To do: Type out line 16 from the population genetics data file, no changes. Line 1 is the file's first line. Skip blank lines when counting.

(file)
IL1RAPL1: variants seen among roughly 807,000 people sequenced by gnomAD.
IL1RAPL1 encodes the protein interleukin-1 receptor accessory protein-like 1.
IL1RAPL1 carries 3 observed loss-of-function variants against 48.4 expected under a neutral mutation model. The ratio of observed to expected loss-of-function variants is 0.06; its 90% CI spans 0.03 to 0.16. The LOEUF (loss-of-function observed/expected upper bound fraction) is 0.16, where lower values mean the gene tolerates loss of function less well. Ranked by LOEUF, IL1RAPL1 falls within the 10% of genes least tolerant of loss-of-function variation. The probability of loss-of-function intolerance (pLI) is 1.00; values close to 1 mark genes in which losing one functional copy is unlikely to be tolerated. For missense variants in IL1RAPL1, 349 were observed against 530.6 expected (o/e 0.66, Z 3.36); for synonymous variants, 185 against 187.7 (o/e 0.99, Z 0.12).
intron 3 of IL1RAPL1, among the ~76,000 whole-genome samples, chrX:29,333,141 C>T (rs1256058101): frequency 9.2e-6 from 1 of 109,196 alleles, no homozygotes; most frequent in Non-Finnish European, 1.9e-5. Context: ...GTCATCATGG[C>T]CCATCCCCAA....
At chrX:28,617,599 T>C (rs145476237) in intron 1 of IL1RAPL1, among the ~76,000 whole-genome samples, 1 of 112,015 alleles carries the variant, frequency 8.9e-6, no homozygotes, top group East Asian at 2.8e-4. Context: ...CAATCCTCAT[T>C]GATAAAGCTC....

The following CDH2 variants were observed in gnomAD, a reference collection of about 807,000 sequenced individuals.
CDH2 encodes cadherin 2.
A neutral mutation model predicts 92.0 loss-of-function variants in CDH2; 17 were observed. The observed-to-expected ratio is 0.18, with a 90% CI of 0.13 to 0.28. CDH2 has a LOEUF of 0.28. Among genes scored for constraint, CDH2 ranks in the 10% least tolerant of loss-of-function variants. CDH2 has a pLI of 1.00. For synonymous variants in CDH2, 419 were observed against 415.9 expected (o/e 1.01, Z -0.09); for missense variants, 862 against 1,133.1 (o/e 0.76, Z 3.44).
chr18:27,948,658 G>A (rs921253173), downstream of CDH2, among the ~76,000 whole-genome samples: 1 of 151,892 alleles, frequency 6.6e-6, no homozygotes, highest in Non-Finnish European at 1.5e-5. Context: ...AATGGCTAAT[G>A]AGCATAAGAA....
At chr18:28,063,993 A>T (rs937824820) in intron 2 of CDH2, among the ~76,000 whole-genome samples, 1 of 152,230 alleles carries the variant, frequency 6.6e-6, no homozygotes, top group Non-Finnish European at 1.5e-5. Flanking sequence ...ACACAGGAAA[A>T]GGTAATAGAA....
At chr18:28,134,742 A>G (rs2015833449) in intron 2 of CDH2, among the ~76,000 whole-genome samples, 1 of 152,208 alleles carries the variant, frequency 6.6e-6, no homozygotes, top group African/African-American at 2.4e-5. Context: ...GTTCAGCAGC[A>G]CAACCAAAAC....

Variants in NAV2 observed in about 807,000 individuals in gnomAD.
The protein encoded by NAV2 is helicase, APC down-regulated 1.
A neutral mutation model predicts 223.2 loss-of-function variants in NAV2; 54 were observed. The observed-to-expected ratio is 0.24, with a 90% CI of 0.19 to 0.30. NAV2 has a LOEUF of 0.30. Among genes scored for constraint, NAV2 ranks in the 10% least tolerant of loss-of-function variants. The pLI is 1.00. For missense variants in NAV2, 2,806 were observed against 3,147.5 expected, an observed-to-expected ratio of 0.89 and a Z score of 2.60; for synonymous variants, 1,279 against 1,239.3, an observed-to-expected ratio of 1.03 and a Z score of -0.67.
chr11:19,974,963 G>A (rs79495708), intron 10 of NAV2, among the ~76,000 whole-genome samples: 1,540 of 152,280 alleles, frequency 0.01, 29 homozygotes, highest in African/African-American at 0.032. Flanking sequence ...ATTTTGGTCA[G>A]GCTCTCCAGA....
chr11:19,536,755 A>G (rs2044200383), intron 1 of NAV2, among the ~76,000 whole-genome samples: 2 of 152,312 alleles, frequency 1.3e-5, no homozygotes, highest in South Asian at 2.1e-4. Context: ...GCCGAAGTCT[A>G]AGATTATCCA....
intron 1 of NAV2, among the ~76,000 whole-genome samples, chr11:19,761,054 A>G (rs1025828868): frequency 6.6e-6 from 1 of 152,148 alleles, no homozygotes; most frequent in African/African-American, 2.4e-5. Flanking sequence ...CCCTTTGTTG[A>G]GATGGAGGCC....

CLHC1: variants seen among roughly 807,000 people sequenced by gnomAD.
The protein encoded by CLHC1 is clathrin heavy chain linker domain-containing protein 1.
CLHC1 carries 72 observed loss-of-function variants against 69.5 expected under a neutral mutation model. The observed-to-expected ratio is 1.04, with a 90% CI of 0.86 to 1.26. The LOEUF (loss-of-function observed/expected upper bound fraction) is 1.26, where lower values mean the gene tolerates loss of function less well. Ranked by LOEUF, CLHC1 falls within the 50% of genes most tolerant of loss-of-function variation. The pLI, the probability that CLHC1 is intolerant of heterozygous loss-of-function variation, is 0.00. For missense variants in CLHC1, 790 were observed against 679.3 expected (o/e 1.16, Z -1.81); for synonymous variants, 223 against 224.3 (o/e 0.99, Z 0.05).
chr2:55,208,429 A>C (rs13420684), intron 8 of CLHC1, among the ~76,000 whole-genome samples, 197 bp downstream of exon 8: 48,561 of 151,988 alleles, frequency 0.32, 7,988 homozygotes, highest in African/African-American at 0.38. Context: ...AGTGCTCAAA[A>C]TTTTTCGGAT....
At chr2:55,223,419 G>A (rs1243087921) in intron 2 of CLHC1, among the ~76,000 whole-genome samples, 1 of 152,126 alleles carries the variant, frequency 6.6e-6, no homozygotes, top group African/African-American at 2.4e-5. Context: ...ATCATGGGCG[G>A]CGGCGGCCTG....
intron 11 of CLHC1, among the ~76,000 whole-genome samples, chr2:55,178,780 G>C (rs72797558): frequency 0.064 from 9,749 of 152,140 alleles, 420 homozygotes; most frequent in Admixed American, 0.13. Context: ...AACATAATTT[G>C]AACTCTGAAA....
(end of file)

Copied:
chr11:19,536,755 A>G (rs2044200383), intron 1 of NAV2, among the ~76,000 whole-genome samples: 2 of 152,312 alleles, frequency 1.3e-5, no homozygotes, highest in South Asian at 2.1e-4. Context: ...GCCGAAGTCT[A>G]AGATTATCCA....